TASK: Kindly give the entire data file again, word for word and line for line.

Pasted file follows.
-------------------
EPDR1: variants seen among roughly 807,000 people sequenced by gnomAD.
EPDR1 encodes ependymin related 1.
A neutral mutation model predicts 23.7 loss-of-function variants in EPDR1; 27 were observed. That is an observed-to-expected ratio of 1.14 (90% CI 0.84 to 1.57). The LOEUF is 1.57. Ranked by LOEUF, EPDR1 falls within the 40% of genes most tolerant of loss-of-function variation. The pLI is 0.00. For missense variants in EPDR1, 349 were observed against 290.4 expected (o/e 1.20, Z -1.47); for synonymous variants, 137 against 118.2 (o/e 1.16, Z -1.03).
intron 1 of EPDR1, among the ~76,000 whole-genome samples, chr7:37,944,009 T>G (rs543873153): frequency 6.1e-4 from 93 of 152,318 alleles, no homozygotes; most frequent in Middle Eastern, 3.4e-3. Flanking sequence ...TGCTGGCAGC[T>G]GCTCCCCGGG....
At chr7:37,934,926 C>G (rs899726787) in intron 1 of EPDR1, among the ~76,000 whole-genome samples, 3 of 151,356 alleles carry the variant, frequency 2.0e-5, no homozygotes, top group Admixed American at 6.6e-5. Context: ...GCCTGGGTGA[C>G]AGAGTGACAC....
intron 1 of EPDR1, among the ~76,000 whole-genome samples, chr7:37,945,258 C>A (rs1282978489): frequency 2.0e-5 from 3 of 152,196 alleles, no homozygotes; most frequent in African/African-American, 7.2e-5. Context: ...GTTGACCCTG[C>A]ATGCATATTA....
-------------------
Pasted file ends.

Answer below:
EPDR1: variants seen among roughly 807,000 people sequenced by gnomAD.
EPDR1 encodes ependymin related 1.
A neutral mutation model predicts 23.7 loss-of-function variants in EPDR1; 27 were observed. That is an observed-to-expected ratio of 1.14 (90% CI 0.84 to 1.57). The LOEUF is 1.57. Ranked by LOEUF, EPDR1 falls within the 40% of genes most tolerant of loss-of-function variation. The pLI is 0.00. For missense variants in EPDR1, 349 were observed against 290.4 expected (o/e 1.20, Z -1.47); for synonymous variants, 137 against 118.2 (o/e 1.16, Z -1.03).
intron 1 of EPDR1, among the ~76,000 whole-genome samples, chr7:37,944,009 T>G (rs543873153): frequency 6.1e-4 from 93 of 152,318 alleles, no homozygotes; most frequent in Middle Eastern, 3.4e-3. Flanking sequence ...TGCTGGCAGC[T>G]GCTCCCCGGG....
At chr7:37,934,926 C>G (rs899726787) in intron 1 of EPDR1, among the ~76,000 whole-genome samples, 3 of 151,356 alleles carry the variant, frequency 2.0e-5, no homozygotes, top group Admixed American at 6.6e-5. Context: ...GCCTGGGTGA[C>G]AGAGTGACAC....
intron 1 of EPDR1, among the ~76,000 whole-genome samples, chr7:37,945,258 C>A (rs1282978489): frequency 2.0e-5 from 3 of 152,196 alleles, no homozygotes; most frequent in African/African-American, 7.2e-5. Context: ...GTTGACCCTG[C>A]ATGCATATTA....